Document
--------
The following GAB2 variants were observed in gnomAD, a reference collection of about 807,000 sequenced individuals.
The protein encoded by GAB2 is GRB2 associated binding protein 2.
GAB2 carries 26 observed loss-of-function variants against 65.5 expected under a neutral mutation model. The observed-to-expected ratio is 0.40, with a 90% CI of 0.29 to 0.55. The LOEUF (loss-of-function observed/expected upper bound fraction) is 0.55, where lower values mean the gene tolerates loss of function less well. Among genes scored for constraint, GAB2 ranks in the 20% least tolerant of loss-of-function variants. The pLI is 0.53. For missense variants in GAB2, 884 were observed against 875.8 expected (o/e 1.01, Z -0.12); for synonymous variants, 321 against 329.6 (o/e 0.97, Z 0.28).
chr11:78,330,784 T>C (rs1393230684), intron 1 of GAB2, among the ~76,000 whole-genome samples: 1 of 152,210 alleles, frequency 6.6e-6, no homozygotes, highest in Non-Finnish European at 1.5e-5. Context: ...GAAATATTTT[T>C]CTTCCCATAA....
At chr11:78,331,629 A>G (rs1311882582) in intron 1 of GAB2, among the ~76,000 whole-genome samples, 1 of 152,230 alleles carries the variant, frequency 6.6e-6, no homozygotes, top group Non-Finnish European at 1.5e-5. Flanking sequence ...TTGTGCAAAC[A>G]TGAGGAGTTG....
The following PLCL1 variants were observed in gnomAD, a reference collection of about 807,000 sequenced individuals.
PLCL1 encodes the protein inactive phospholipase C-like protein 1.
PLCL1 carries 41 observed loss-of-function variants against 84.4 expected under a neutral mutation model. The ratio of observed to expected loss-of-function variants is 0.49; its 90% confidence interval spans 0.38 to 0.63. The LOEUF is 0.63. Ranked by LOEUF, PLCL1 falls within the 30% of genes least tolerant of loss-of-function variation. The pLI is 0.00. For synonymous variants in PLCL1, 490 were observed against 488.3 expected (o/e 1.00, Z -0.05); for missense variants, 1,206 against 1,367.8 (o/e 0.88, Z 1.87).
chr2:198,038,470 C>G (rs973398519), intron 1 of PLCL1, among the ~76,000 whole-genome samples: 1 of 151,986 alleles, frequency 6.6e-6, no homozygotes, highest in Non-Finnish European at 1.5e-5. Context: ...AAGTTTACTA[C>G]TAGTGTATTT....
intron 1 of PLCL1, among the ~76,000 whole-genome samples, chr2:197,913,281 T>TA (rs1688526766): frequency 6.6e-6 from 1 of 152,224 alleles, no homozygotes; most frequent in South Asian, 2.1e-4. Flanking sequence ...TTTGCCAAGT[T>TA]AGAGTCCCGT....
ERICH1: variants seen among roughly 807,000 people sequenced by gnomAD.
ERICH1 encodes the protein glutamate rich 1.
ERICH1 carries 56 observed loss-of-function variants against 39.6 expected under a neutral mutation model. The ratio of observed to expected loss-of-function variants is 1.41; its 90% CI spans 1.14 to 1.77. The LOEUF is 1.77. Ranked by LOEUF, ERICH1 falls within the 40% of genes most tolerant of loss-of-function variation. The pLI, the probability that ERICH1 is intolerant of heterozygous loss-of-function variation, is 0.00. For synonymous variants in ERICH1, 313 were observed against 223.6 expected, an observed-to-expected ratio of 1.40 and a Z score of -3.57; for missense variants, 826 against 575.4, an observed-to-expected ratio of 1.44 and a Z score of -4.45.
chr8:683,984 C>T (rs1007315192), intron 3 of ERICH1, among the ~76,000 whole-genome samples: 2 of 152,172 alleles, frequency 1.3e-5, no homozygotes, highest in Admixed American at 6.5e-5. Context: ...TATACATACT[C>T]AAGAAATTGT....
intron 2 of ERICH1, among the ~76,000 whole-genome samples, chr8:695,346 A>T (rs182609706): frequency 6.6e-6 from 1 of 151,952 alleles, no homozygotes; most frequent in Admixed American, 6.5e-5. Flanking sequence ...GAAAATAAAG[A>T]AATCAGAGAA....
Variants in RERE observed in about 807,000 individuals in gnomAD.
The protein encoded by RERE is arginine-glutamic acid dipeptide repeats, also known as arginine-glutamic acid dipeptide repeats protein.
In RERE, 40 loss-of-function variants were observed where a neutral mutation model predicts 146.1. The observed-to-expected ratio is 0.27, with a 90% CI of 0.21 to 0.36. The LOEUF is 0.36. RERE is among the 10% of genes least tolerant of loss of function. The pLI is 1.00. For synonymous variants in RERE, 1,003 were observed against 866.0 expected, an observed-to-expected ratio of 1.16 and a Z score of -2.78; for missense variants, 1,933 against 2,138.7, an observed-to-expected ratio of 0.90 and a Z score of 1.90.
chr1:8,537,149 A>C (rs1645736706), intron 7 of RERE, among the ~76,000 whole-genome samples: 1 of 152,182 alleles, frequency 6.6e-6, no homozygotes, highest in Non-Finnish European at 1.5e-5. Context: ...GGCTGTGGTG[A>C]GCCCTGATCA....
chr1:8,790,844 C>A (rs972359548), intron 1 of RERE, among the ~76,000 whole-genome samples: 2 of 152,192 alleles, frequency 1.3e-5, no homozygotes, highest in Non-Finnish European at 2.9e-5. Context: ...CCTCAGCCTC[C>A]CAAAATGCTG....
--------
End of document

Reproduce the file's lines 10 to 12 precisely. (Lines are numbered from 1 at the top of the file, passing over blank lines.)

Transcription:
intron 1 of PLCL1, among the ~76,000 whole-genome samples, chr2:197,913,281 T>TA (rs1688526766): frequency 6.6e-6 from 1 of 152,224 alleles, no homozygotes; most frequent in South Asian, 2.1e-4. Flanking sequence ...TTTGCCAAGT[T>TA]AGAGTCCCGT....
ERICH1: variants seen among roughly 807,000 people sequenced by gnomAD.
ERICH1 encodes the protein glutamate rich 1.